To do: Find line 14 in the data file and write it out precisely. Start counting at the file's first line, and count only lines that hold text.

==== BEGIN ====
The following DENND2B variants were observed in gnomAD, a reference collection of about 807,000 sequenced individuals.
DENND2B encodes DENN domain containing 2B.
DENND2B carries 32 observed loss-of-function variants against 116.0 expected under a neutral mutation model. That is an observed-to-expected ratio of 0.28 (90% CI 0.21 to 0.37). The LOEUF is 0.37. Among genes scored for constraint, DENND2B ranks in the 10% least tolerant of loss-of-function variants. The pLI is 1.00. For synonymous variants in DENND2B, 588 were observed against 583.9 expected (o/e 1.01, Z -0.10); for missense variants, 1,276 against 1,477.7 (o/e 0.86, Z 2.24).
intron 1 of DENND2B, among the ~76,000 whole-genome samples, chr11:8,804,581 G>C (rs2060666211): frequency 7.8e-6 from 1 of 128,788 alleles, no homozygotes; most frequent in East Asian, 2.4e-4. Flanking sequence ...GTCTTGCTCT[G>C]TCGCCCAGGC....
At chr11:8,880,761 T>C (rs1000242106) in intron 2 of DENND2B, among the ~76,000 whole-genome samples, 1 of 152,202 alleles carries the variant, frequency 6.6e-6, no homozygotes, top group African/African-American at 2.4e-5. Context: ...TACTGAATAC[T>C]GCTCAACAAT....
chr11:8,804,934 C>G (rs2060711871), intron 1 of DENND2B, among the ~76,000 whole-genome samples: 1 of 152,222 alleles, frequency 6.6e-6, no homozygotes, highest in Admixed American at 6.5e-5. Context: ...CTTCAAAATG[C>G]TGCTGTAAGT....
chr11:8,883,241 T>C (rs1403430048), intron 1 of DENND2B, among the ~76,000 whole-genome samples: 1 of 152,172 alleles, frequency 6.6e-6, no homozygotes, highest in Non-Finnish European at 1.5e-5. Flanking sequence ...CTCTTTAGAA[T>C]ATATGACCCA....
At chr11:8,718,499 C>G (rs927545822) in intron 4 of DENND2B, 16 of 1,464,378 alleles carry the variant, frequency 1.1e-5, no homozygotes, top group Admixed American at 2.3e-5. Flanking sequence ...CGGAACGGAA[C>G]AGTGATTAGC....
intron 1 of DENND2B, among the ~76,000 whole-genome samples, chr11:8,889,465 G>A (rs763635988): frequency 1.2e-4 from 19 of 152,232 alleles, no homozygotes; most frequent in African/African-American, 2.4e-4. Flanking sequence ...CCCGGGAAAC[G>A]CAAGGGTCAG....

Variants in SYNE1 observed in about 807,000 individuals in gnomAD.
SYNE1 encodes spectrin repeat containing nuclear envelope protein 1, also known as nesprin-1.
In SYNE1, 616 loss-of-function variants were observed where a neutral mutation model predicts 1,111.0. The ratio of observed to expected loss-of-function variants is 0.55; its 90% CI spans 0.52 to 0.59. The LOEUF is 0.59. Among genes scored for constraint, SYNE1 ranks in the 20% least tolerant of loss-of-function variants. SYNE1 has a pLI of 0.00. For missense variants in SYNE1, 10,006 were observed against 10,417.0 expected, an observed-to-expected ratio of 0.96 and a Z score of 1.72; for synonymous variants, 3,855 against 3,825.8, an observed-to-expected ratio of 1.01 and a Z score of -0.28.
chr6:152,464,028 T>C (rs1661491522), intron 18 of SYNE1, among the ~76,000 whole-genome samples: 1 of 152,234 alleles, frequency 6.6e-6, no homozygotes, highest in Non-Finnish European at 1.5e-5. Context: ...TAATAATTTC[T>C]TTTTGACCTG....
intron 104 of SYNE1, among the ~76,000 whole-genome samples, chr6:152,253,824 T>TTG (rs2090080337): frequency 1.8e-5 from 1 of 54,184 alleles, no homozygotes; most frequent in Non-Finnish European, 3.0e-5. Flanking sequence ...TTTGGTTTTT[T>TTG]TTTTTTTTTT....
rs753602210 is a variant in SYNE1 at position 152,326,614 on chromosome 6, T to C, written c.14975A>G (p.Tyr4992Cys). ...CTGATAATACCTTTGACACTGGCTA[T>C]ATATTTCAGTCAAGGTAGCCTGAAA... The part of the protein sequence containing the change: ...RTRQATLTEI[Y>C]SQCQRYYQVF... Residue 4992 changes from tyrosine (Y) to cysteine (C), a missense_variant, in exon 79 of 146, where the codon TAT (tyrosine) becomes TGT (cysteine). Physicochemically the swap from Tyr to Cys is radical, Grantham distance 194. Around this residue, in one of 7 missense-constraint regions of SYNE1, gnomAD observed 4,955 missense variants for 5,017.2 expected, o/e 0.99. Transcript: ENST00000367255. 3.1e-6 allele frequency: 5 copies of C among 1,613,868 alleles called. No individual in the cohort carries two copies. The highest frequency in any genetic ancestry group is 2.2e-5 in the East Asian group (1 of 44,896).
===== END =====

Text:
intron 104 of SYNE1, among the ~76,000 whole-genome samples, chr6:152,253,824 T>TTG (rs2090080337): frequency 1.8e-5 from 1 of 54,184 alleles, no homozygotes; most frequent in Non-Finnish European, 3.0e-5. Flanking sequence ...TTTGGTTTTT[T>TTG]TTTTTTTTTT....